An Atlanta lawyer made news recently when he flew to Greece and back while infected with drug-resistant tuberculosis. Tests later showed he wasn't as contagious as health officials first thought, and no airline passengers came down with the illness. But the case sparked fear among fliers everywhere.

Their anxiety isn't unfounded.

"People definitely should think about their health when they travel," says David Dale, M.D., FACP, president of the American College of Physicians. "Airline passengers are at risk for colds, common respiratory infections, and more serious problems, like tuberculosis, when they fly with other passengers who have these contagious conditions."

Small spaces

Many new planes circulate some fresh air and have first-rate filters. The air may be no more risky than other crowded venues. The problem is confinement in a small space, sometimes for many hours, with ill passengers. When they cough, you may breathe their germs. The risk is real, but the question is: How much should you worry?

"People shouldn't overlook the health risks of flying, but many people are more worried than they need to be," says Vibhuti Arya, Pharm.D., R.Ph., a spokeswoman for the American Pharmacists Association.

You can't prevent all contagious ailments, but you can help ward off germs. Try these tips:

  • Make sure you're healthy enough to travel. If a health problem has weakened your immune system or you're pregnant, talk to your health care provider before you make travel plans.

  • Pack all the medications you'll need in your carry-on luggage. You'll have them if you need them during your flight or your checked bags get lost.

  • Practice healthy habits. Get plenty of rest before you travel. Try to sleep during the trip. Drink lots of fluids and avoid overeating or drinking too much alcohol before and during the flight.

  • Wash your hands or use antibacterial lotions or disinfecting wipes during your flight. "Hand washing is the most important way to prevent infections," Dr. Dale says.

Some fliers take supplements that claim to boost the immune system, such as vitamin C or echinacea. But studies have found little proof they help. "People who take prescription or over-the-counter medications should talk with their doctor or pharmacist before taking any herbal supplements because they may interact with their regular medications," Dr. Arya adds.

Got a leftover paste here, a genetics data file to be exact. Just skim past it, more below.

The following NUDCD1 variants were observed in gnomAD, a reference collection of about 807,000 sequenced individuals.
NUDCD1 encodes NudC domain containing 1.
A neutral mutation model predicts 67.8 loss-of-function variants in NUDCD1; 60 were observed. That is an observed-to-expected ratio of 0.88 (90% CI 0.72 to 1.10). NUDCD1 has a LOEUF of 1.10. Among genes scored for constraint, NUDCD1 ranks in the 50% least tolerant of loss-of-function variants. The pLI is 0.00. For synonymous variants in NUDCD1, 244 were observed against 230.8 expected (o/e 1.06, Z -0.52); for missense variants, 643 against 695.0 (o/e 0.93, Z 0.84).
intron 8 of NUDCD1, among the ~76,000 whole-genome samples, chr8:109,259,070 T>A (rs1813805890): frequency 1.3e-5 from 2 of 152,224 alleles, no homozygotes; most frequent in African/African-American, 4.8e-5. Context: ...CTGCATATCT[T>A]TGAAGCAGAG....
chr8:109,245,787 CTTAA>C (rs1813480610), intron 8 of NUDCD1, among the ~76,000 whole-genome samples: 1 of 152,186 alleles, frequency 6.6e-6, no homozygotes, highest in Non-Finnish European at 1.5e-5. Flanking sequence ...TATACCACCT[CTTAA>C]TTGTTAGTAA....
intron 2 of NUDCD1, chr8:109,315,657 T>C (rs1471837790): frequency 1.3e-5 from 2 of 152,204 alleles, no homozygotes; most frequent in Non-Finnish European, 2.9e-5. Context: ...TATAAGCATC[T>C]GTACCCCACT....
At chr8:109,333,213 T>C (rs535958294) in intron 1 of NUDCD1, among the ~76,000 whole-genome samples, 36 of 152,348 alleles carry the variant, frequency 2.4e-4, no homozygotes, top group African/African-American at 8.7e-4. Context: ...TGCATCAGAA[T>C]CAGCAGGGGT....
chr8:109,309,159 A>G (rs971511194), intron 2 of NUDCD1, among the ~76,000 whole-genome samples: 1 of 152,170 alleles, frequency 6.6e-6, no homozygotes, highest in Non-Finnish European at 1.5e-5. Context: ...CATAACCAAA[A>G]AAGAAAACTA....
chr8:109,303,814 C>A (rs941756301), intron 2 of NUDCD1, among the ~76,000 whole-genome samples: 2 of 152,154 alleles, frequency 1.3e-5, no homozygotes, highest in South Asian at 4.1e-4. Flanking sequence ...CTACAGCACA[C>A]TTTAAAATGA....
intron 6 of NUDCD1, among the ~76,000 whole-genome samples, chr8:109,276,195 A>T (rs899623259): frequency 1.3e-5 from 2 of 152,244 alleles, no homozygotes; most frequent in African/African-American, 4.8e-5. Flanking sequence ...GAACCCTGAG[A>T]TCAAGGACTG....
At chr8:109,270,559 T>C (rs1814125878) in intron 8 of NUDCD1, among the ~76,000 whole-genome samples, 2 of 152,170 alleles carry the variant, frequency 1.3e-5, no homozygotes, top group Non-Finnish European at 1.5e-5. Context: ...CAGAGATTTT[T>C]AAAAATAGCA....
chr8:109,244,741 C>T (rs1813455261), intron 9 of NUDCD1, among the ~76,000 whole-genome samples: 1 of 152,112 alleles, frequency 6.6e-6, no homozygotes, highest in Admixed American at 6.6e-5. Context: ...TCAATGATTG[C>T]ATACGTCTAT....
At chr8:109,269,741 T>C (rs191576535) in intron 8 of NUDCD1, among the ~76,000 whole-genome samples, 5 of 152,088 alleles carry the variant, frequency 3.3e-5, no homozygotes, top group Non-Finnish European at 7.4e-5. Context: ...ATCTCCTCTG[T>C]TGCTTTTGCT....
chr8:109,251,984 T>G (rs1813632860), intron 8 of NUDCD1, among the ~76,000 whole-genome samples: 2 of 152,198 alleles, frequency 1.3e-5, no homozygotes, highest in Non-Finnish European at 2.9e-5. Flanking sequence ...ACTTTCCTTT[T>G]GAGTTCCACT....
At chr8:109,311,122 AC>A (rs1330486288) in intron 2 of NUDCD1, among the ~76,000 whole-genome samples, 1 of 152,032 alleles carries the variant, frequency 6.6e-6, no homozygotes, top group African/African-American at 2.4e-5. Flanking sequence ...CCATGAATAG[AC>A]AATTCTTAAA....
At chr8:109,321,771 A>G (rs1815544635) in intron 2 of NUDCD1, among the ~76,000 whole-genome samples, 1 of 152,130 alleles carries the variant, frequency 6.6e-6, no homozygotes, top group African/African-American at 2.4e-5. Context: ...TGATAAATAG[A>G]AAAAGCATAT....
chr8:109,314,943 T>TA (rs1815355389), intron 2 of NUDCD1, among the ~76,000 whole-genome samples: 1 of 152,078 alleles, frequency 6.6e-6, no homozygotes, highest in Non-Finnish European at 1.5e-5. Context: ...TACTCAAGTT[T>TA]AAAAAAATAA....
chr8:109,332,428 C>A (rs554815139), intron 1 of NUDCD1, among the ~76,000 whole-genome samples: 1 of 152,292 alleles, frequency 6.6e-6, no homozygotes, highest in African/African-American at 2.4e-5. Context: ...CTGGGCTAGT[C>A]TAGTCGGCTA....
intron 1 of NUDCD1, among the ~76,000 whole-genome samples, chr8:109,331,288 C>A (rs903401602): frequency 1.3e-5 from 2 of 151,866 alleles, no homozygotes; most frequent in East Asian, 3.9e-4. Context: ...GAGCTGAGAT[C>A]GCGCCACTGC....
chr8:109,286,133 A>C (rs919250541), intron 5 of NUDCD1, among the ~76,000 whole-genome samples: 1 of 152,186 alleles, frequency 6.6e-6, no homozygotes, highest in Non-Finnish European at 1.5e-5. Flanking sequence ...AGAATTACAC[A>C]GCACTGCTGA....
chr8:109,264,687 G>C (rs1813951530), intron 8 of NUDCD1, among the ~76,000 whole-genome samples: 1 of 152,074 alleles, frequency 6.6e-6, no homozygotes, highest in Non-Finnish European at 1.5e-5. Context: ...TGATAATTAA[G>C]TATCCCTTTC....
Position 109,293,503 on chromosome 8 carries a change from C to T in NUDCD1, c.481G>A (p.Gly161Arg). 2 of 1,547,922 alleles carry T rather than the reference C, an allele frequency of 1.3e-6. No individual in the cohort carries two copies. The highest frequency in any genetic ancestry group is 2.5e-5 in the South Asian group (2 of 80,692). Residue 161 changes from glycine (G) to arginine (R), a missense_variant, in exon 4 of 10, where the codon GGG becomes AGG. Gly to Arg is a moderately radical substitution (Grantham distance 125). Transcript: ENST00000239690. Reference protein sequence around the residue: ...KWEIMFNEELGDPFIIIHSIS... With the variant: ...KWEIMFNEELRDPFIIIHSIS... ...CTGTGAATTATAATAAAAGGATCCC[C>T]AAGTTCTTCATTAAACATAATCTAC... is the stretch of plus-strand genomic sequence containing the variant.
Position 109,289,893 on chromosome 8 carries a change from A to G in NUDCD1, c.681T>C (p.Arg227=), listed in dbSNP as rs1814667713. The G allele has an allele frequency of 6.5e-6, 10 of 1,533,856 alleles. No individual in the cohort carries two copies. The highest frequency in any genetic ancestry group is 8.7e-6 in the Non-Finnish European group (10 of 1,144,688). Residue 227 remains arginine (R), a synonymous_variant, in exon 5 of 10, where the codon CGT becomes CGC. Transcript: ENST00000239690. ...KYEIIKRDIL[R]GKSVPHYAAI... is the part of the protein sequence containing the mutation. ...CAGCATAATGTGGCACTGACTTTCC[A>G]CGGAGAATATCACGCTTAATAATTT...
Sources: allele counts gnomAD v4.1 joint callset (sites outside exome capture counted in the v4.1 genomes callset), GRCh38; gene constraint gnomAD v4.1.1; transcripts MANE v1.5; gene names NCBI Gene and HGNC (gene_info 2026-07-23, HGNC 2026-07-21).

Experts have this advice if you have a contagious condition, like the flu, before you travel: Stay home. When delaying travel isn't an option or you don't think you're too sick to travel, be considerate of others. Wear a mask or cover your mouth and nose with a tissue when you cough. You'll be less likely to contaminate those around you.

What if your seatmate is the one with the cough—but without the tissue? Consider bringing a mask, especially if your current health gives you reason to fear serious infections such as the flu.

Specific air travel issues

Blood clots

Sitting for long periods causes the blood in your legs to stagnate and form clots that can break free and travel to the lungs, a potentially life-threatening condition called deep vein thrombosis. Flight plan: Choose seats with more legroom when possible. "People who are flying should stand up and stretch every hour or so if they can to help prevent blood clots from forming," Dr. Dale says.

Sinus and ear problems

When a plane rises or descends quickly, the pressure outside your body may change faster than the pressure inside your sinuses and ears. This difference can make your ears "pop." You may experience pain and dizziness. Flight plan: Chewing gum and pinching your nose while you exhale with your mouth closed may help. You may need decongestant medications and nasal sprays if you have a cold or allergies.

Jet lag

Your body needs time to adjust if you travel to a different time zone. Fatigue, daytime sleepiness, and loss of concentration are common effects of jet lag. Flight plan: Be well-rested when you travel. Taking the supplement melatonin for a few days before, while, and after you fly may make it easier to sleep. Try to get yourself on the right timetable at once. That means eating and sleeping at the proper time at your destination.


 More people are flying, lines are longer, and passengers must go through security procedures. Flight plan: Arrive early so you have lots of time to check in and board your flight. Pack your tickets, identification, and other important items where you can reach them with ease. Relaxation techniques, such as deep breathing or listening to music on a portable player, may make it easier to relax and enjoy your trip.

Medical Reviewer: [Dwyer, Johanna, D.Sc., R.D., Fleck, Steve, Ph.D., Gonnella, Joseph, M.D., McDonough, Brian, M.D., Whorton, Donald, M.D.] Last Annual Review Date: 2008-01-14T00:00:00-07:00 Copyright: Copyright Health Ink & Vitality Communications

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More than 200 viruses can cause the common cold. There are more than 1 billion colds in the United States each year.